Remember impact? We want the club face pointing at the target at impact. If it's pointed way left (closed) or way right (open), you're going to have problems. A little open or a little closed is ok, but a lot and you're not shooting good scores. Think about it .... you're trying to hit the ball at a target, it's much easier if the club face is generally pointing where you want the ball to go!

Buy one of these if it helps you see where the face is pointing at impact!

If you're just starting to play golf, or looking to improve your game, try to get the face pointed on line.

Homework Assignment #6 - Assignment #2 but focused primarily on the club face - and with a slight twist! If using a training tool helps you, get one. For the money it's well worth it. Go to the top of your swing and pause. Close your eyes! Make sure they are closed. Now in SLOW MOTION swing the club into what you think is a good impact position. Once you are in your impact position, open your eyes. Where is that club face pointing? Get it pointing straight ahead, while making sure all the other impact keys are solid. Try changing your grip (stronger or weaker) to see if it makes a difference. But learn what it takes to have the club face pointing down the target line.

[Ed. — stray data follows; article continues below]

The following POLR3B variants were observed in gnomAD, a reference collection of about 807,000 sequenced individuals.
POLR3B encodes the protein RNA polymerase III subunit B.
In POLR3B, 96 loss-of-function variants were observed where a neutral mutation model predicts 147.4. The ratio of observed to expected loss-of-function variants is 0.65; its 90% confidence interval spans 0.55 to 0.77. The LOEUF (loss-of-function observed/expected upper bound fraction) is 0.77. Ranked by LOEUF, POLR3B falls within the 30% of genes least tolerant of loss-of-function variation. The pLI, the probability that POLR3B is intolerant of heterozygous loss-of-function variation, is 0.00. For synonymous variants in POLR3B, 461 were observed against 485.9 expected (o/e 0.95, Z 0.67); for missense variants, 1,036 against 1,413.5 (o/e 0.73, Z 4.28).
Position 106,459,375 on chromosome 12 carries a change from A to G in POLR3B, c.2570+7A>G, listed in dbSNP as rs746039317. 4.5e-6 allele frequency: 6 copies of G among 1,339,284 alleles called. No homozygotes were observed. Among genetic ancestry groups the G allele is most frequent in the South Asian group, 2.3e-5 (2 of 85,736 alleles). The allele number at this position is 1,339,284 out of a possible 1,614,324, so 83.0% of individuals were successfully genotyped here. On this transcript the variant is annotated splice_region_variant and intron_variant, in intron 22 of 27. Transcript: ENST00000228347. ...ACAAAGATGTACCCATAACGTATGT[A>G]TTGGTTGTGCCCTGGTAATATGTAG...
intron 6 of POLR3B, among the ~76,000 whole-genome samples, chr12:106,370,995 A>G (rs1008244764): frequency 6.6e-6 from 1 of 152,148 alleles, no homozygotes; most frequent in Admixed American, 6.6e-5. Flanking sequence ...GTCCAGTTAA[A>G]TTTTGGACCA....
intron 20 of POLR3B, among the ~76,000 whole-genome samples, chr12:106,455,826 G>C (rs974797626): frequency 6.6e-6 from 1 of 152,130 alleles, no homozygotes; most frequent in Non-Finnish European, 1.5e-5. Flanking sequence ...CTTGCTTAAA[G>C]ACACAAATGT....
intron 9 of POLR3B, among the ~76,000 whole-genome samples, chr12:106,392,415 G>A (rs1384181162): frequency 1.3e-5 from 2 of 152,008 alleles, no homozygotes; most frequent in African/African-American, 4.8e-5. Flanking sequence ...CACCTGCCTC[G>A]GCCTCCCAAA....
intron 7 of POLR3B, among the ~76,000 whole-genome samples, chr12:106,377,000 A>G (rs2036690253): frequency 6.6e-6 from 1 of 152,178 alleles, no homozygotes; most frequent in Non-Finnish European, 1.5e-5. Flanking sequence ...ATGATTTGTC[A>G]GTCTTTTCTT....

You do not need to hit the ball 300 yards to be a good player. But you need to learn how to generate speed so that you maximize your distance to the extent you can. If your max is 220 yards, fine, but strive to get there. The closer you can get to the green off the tee, the shorter clubs you can hit for approach shots, which means you'll hit more greens in regulation. All of those things mean lower scores.

Now, let's be clear on our goals. First and foremost we want the proper impact position. So get that down first. But once you feel like you're hitting your impact keys, we want to try and hit those keys at the fastest possible speed.

Buy the SuperSpeed Golf system and do the protocols if your budget allows. This has increased my swing speed and they work. It's a workout, but it trains the proper muscles.

If you can't justify the expense of the SuperSpeed system, at least try the Kenny Perry exercises below.